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Greg Ip, reviewing the Trump administration’s first Council of Economic Advisers report, finds credible its claims that Barack Obama’s policies, particularly in his second term as president, materially slowed economic growth, even though Mr Ip acknowledges that the CEA’s claims as to magnitudes are probably exaggerated.
The CEA’s thesis is that a wave of tax and regulatory policies reduced both workers’ incentives to work and businesses’ incentive to invest, leading to slower economic growth than would otherwise have been achievable. I am sympathetic to arguments of this type, having often observed that “business confidence is the cheapest form of stimulus”. And I would be the last to argue that every regulatory intervention of the late Obama years was salutary.
I would also note that much of what the Obama administration proposed (for example, more infrastructure spending and responsible tax reform) would have triggered even greater economic growth but never came to pass, largely due to congressional roadblocks. There was certainly more that could have been done.
But at least three broad features of the economic landscape make the CEA’s view an unlikely explanation for disappointing economic growth.
First, the dominant reason for slow growth has been what economists label slow total factor productivity growth. That is, the problem has not primarily been a shortage of capital and labour inputs into production, but rather slow growth in output given inputs. After growing at about 1.75 per cent a year between 1996-2004, the TFP growth rate has halved since 2005.
While TFP has fallen off rapidly, there is no basis for supposing that levels of labour input or capital are less than one would expect given the magnitude of the financial crisis. In fact, labour force participation rates in 2016 lined up closely with Federal Reserve researchers’ 2006 predictions. This suggests the unimportance of the various factors adduced by the CEA’s report.
Second, perhaps the biggest surprise of the last few years has been the remarkably low rate of inflation even as the unemployment rate has reached 4 per cent.
Year after year, consensus and Fed forecasts of inflation have fallen short of what was forecast. If, as the CEA believes, our slow economic growth is a result of too little supply of labour and capital one would expect surprisingly high rather than surprisingly low inflation as demand growth collided with constricted supply. This is the opposite of what we observe. On the other hand, the secular stagnation hypothesis which emphasises issues on the demand side would predict exactly the combination of sluggish growth, low inflation and low capital costs that we observe.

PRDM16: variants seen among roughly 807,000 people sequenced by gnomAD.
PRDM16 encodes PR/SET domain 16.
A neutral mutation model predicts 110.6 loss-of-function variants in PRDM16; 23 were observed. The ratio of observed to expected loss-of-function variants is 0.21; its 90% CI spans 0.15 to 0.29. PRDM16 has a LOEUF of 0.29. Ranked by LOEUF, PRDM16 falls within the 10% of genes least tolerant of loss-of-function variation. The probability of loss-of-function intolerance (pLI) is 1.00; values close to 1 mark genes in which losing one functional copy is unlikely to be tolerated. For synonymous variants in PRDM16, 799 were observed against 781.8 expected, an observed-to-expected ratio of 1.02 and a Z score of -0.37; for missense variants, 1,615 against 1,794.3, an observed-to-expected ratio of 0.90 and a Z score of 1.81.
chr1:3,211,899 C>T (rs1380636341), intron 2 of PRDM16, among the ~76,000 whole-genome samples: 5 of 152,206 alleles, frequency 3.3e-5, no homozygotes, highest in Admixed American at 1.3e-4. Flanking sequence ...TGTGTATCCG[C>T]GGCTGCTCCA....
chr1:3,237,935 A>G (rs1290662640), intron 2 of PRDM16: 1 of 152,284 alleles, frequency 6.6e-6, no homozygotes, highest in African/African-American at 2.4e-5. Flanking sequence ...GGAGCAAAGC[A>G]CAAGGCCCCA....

Third, the essential idea behind the CEA’s thesis is that capital has been greatly burdened in recent years by excessive regulation, high taxes and a lack of availability of labour. This idea is belied by the behaviour of the stock market and of corporate profits. Over the course of Mr Obama’s second term, corporate profits increased by nearly 20 per cent and the S&P 500 grew by over 50 per cent. This hardly suggests a period of excessively increasing burdens on capital.
The observation that share buybacks appear to be the largest use of the proceeds from the Trump tax cuts points in the same direction. It has not been costs of capital that has held back investment in the US in recent years.
If the Obamasclerosis theory does not fit the facts of slow growth in recent years, what are its likely causes? This will remain a matter for active research. But my guess is that key elements include hysteresis effects from the financial crisis and associated recession, reduced application of innovation in the economy in recent years and possibly the adverse effects of rising monopoly power and diminishing competition in a range of markets.
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